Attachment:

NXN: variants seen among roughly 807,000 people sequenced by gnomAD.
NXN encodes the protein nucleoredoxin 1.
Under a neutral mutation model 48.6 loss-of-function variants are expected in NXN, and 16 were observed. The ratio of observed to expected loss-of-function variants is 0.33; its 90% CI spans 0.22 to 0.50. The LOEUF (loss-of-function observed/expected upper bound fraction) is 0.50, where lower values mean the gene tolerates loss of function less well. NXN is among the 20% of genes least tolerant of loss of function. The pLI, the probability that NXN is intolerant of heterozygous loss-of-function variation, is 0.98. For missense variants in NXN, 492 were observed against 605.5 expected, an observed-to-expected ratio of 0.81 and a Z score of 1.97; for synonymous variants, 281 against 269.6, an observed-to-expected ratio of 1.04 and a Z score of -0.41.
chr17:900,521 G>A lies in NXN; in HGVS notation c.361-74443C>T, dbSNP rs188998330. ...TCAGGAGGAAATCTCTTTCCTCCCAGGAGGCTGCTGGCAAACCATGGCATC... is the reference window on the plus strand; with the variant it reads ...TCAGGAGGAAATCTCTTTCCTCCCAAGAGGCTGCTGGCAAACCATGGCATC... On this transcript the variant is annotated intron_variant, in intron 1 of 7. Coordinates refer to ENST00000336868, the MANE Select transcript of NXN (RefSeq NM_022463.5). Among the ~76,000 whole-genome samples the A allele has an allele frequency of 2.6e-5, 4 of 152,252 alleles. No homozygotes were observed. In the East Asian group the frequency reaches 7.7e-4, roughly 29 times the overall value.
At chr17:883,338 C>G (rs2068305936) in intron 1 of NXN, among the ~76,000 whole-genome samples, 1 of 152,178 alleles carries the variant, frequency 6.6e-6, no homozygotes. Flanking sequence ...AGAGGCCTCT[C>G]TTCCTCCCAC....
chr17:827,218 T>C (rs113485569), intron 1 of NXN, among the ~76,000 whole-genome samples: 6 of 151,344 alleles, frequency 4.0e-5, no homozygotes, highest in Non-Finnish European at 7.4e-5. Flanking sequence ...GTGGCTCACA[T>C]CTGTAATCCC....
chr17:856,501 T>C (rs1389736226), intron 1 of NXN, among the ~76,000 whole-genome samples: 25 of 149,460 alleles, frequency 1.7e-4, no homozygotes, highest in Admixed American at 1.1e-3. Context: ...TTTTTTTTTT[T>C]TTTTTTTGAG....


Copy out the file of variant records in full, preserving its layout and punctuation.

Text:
NXN: variants seen among roughly 807,000 people sequenced by gnomAD.
NXN encodes the protein nucleoredoxin 1.
Under a neutral mutation model 48.6 loss-of-function variants are expected in NXN, and 16 were observed. The ratio of observed to expected loss-of-function variants is 0.33; its 90% CI spans 0.22 to 0.50. The LOEUF (loss-of-function observed/expected upper bound fraction) is 0.50, where lower values mean the gene tolerates loss of function less well. NXN is among the 20% of genes least tolerant of loss of function. The pLI, the probability that NXN is intolerant of heterozygous loss-of-function variation, is 0.98. For missense variants in NXN, 492 were observed against 605.5 expected, an observed-to-expected ratio of 0.81 and a Z score of 1.97; for synonymous variants, 281 against 269.6, an observed-to-expected ratio of 1.04 and a Z score of -0.41.
chr17:900,521 G>A lies in NXN; in HGVS notation c.361-74443C>T, dbSNP rs188998330. ...TCAGGAGGAAATCTCTTTCCTCCCAGGAGGCTGCTGGCAAACCATGGCATC... is the reference window on the plus strand; with the variant it reads ...TCAGGAGGAAATCTCTTTCCTCCCAAGAGGCTGCTGGCAAACCATGGCATC... On this transcript the variant is annotated intron_variant, in intron 1 of 7. Coordinates refer to ENST00000336868, the MANE Select transcript of NXN (RefSeq NM_022463.5). Among the ~76,000 whole-genome samples the A allele has an allele frequency of 2.6e-5, 4 of 152,252 alleles. No homozygotes were observed. In the East Asian group the frequency reaches 7.7e-4, roughly 29 times the overall value.
At chr17:883,338 C>G (rs2068305936) in intron 1 of NXN, among the ~76,000 whole-genome samples, 1 of 152,178 alleles carries the variant, frequency 6.6e-6, no homozygotes. Flanking sequence ...AGAGGCCTCT[C>G]TTCCTCCCAC....
chr17:827,218 T>C (rs113485569), intron 1 of NXN, among the ~76,000 whole-genome samples: 6 of 151,344 alleles, frequency 4.0e-5, no homozygotes, highest in Non-Finnish European at 7.4e-5. Flanking sequence ...GTGGCTCACA[T>C]CTGTAATCCC....
chr17:856,501 T>C (rs1389736226), intron 1 of NXN, among the ~76,000 whole-genome samples: 25 of 149,460 alleles, frequency 1.7e-4, no homozygotes, highest in Admixed American at 1.1e-3. Context: ...TTTTTTTTTT[T>C]TTTTTTTGAG....